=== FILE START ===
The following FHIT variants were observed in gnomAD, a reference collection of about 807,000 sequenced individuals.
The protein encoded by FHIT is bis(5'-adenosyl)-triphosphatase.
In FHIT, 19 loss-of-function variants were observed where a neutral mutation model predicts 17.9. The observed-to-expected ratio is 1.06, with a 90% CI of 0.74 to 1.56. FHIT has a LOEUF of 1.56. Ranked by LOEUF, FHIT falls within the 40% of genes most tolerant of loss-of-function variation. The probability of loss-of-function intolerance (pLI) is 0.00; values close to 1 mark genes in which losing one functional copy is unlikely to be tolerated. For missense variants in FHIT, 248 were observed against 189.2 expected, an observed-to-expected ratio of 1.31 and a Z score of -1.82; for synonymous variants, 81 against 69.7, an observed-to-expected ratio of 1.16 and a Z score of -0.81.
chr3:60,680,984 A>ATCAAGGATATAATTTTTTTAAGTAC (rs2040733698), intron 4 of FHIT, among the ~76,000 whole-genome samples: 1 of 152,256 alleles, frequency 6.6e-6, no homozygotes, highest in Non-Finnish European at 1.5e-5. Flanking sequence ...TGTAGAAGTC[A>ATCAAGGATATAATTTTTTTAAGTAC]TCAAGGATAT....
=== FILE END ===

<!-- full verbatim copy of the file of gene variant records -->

The following FHIT variants were observed in gnomAD, a reference collection of about 807,000 sequenced individuals.
The protein encoded by FHIT is bis(5'-adenosyl)-triphosphatase.
In FHIT, 19 loss-of-function variants were observed where a neutral mutation model predicts 17.9. The observed-to-expected ratio is 1.06, with a 90% CI of 0.74 to 1.56. FHIT has a LOEUF of 1.56. Ranked by LOEUF, FHIT falls within the 40% of genes most tolerant of loss-of-function variation. The probability of loss-of-function intolerance (pLI) is 0.00; values close to 1 mark genes in which losing one functional copy is unlikely to be tolerated. For missense variants in FHIT, 248 were observed against 189.2 expected, an observed-to-expected ratio of 1.31 and a Z score of -1.82; for synonymous variants, 81 against 69.7, an observed-to-expected ratio of 1.16 and a Z score of -0.81.
chr3:60,680,984 A>ATCAAGGATATAATTTTTTTAAGTAC (rs2040733698), intron 4 of FHIT, among the ~76,000 whole-genome samples: 1 of 152,256 alleles, frequency 6.6e-6, no homozygotes, highest in Non-Finnish European at 1.5e-5. Flanking sequence ...TGTAGAAGTC[A>ATCAAGGATATAATTTTTTTAAGTAC]TCAAGGATAT....